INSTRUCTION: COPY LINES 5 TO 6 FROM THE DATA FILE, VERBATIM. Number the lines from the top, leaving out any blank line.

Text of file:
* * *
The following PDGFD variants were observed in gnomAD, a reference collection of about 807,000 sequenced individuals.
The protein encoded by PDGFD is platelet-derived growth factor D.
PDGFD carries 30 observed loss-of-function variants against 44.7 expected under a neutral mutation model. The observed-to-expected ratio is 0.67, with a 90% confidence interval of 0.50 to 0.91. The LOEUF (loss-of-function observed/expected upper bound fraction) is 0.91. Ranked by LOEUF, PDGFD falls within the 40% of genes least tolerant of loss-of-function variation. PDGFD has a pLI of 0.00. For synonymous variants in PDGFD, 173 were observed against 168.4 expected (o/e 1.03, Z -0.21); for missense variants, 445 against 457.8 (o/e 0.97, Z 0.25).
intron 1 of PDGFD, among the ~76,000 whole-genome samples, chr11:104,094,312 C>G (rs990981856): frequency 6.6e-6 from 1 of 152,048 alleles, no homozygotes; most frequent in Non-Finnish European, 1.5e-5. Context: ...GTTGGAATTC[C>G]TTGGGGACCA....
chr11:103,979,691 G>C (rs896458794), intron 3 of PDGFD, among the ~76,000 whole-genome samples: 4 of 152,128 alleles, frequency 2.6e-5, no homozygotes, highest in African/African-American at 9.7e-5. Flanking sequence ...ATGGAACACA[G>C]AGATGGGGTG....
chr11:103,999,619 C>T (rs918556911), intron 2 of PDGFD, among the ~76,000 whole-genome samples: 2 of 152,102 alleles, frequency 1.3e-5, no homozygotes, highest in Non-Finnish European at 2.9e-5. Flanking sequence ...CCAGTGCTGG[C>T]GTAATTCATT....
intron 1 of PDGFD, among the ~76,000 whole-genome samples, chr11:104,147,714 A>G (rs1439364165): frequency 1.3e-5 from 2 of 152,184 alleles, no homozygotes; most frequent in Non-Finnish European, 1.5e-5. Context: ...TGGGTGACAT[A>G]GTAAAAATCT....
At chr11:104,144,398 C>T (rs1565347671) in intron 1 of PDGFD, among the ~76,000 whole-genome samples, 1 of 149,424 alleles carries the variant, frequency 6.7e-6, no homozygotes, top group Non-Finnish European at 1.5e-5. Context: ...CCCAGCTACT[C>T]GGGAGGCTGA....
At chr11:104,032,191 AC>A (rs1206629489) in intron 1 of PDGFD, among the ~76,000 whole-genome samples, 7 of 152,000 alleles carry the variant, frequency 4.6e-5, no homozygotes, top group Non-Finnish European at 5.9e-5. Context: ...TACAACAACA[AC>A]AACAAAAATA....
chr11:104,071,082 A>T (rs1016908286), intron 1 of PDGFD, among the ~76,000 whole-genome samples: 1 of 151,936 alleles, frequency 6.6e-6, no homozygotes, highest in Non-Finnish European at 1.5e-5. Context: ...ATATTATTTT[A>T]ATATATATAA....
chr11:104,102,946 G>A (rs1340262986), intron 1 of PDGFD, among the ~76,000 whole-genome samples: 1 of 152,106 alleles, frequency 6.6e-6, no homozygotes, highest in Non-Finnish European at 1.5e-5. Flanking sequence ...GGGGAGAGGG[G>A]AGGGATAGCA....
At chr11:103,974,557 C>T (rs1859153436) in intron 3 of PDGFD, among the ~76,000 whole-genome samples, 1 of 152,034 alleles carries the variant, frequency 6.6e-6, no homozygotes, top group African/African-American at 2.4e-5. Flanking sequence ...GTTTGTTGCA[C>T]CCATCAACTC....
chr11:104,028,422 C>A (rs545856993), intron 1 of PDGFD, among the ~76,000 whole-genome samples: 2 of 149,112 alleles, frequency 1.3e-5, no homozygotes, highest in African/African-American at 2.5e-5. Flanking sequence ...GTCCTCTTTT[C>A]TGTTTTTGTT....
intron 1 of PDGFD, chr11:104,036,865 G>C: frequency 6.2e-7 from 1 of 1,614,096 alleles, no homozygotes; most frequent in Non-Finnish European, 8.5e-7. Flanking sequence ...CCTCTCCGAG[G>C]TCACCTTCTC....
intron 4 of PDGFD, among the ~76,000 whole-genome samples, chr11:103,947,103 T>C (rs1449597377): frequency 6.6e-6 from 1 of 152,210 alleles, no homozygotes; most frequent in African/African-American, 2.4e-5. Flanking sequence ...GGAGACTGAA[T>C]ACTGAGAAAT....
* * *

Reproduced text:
chr11:103,979,691 G>C (rs896458794), intron 3 of PDGFD, among the ~76,000 whole-genome samples: 4 of 152,128 alleles, frequency 2.6e-5, no homozygotes, highest in African/African-American at 9.7e-5. Flanking sequence ...ATGGAACACA[G>C]AGATGGGGTG....
chr11:103,999,619 C>T (rs918556911), intron 2 of PDGFD, among the ~76,000 whole-genome samples: 2 of 152,102 alleles, frequency 1.3e-5, no homozygotes, highest in Non-Finnish European at 2.9e-5. Flanking sequence ...CCAGTGCTGG[C>T]GTAATTCATT....